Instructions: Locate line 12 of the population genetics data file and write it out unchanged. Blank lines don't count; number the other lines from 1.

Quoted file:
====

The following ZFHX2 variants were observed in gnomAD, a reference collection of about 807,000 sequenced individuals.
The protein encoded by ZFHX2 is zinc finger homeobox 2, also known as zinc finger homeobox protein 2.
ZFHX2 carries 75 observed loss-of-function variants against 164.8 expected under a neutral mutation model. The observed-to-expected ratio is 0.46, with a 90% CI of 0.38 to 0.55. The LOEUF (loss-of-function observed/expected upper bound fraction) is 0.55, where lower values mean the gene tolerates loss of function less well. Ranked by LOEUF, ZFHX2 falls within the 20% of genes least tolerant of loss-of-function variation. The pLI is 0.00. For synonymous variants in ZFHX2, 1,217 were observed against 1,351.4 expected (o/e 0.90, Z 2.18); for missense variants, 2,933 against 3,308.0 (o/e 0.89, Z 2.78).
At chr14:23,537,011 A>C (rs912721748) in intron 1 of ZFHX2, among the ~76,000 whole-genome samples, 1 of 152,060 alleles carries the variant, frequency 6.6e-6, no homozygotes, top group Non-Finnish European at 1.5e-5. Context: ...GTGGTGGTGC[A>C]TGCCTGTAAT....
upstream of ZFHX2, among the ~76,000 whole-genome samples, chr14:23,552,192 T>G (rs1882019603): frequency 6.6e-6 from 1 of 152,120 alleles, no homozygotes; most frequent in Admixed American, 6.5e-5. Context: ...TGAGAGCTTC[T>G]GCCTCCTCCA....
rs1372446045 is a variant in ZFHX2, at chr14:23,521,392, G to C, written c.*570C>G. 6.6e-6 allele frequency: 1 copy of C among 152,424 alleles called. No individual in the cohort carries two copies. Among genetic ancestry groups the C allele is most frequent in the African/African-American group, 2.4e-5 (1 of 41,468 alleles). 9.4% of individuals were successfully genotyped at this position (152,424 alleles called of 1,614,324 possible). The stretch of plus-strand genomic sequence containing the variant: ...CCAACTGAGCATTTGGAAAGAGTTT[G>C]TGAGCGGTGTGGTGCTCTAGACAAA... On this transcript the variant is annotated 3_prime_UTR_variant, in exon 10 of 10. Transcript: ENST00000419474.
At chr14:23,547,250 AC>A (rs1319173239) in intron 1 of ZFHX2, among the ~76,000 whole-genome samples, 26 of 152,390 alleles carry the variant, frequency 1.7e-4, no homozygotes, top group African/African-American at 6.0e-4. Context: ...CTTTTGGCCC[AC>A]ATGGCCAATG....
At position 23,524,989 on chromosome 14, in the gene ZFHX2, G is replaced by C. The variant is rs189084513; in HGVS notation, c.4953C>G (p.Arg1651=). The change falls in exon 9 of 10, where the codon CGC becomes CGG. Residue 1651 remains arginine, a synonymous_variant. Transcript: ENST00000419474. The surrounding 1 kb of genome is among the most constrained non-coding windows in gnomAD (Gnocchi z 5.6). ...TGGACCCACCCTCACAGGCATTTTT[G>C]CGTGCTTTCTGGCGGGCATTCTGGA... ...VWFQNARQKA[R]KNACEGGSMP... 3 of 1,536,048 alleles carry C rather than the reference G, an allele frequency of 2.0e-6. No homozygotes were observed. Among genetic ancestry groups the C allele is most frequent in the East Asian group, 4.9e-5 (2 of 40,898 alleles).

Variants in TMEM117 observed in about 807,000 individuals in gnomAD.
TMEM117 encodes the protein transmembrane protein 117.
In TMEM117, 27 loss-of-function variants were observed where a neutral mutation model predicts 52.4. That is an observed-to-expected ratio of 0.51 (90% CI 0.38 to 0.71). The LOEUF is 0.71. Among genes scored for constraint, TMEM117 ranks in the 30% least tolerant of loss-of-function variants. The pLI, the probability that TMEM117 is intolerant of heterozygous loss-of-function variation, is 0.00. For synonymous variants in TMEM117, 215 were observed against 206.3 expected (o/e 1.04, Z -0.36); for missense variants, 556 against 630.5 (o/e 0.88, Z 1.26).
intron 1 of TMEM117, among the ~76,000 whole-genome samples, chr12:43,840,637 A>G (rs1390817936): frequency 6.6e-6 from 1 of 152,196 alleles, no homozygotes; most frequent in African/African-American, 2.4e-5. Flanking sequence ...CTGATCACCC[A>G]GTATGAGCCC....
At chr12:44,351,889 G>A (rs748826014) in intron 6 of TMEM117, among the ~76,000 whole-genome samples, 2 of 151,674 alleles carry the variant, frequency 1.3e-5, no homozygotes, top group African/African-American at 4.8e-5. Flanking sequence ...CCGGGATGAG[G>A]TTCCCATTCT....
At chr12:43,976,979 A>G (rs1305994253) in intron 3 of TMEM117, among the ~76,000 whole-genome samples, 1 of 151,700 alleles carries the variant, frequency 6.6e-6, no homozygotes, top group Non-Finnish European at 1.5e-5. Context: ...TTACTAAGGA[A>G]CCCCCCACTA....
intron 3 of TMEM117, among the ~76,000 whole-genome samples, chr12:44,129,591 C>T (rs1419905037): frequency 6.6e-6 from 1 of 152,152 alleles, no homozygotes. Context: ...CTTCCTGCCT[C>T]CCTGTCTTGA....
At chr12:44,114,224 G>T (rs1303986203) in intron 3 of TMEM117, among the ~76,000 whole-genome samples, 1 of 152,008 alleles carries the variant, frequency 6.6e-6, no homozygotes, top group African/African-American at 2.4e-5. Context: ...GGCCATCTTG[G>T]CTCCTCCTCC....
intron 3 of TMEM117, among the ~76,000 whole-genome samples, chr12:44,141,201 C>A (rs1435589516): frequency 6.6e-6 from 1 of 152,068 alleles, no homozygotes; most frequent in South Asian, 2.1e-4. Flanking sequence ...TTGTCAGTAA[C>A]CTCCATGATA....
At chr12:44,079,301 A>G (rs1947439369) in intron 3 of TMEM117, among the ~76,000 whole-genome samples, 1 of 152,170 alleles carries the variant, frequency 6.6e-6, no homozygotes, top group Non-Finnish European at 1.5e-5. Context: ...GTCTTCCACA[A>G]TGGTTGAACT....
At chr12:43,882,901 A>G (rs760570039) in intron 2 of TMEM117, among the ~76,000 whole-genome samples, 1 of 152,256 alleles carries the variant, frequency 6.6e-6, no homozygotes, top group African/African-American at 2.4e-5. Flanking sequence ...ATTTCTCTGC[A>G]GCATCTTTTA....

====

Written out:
intron 1 of TMEM117, among the ~76,000 whole-genome samples, chr12:43,840,637 A>G (rs1390817936): frequency 6.6e-6 from 1 of 152,196 alleles, no homozygotes; most frequent in African/African-American, 2.4e-5. Flanking sequence ...CTGATCACCC[A>G]GTATGAGCCC....